Conflicting views as to the helpfulness or harmfulness of self-weighing for the control of body weight have been presented in the fields of obesity and eating disorders. Because self-weighing is increasingly being considered as an intervention to promote weight loss or prevent weight gain, it is timely to consider unintended psychological outcomes and behavioral correlates of this behavior. Twenty articles from the published literature examining self-weighing and psychological outcomes or weight control behaviors were reviewed. In evaluating self-weighing and affect (ten studies), self-esteem (four studies) and body evaluation (ten studies), and eating behaviors/cognitions (13 studies), in total, most studies found a negative relationship between self-weighing and outcomes (affect: 4/10, self-esteem: 3/4, body evaluation: 4/10, eating behaviors/cognitions: 6/13). Themes that emerged included relationships between self-weighing and negative outcomes for women and younger individuals, and lack of a relationship or positive outcomes for overweight, treatment seeking individuals. Though self-weighing has shown promise in aiding weight control, the degree to which weight loss, and not self-weighing, affects psychological outcomes is not clear. Further assessment of psychological outcomes in self-weighing research may be warranted, as this review suggests the potential for adverse effects of self-weighing in some individuals.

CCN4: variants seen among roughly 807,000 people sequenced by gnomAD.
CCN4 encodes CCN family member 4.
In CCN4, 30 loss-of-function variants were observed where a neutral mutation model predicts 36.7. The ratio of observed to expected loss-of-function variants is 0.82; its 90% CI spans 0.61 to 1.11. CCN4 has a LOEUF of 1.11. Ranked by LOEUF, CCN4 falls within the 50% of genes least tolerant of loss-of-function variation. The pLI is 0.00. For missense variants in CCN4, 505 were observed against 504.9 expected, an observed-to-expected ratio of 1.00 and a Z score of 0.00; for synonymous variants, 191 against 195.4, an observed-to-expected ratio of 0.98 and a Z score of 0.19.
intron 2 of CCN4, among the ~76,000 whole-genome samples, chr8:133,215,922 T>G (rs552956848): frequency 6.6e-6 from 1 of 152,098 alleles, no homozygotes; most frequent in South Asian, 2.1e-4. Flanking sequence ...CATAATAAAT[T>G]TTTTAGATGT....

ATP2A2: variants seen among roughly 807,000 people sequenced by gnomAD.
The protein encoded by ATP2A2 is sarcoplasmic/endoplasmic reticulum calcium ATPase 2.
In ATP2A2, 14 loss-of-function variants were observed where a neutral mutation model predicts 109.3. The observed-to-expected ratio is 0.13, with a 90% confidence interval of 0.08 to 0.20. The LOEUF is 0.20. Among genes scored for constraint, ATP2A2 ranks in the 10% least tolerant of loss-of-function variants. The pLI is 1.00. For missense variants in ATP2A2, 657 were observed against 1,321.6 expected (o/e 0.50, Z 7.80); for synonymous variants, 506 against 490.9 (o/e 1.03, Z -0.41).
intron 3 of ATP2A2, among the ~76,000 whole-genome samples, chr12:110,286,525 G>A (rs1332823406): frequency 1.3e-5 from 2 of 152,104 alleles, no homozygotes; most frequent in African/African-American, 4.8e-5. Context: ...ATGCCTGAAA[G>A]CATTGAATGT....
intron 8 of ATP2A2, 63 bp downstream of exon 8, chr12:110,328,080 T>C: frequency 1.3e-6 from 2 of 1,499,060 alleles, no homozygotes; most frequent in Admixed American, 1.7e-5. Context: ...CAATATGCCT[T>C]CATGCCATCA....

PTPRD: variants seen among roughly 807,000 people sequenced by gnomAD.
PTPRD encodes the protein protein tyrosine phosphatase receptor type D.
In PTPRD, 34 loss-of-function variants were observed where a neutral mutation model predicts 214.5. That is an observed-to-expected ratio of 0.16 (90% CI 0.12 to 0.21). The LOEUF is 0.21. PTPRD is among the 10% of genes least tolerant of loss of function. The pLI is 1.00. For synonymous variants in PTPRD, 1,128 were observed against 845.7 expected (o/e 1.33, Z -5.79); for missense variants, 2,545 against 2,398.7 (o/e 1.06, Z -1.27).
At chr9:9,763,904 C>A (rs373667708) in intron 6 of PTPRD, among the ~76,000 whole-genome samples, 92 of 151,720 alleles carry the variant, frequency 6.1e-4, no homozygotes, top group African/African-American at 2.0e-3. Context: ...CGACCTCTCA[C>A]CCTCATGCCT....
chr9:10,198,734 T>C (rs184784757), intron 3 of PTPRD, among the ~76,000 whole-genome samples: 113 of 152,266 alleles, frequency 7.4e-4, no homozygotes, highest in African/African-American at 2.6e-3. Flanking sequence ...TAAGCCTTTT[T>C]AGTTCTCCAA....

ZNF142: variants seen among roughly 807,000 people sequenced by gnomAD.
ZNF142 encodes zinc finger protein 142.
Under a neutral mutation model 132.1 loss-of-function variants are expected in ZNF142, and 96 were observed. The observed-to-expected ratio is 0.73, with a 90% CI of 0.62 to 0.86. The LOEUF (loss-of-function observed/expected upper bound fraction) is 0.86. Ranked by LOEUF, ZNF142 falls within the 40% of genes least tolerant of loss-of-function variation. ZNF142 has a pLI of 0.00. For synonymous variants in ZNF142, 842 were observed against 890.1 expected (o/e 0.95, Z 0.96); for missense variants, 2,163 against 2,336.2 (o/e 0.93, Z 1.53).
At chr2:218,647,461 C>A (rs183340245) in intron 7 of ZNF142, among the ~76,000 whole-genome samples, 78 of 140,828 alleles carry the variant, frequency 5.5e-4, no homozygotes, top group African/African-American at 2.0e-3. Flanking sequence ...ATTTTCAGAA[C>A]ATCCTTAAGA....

- Disordered eating
- Weight control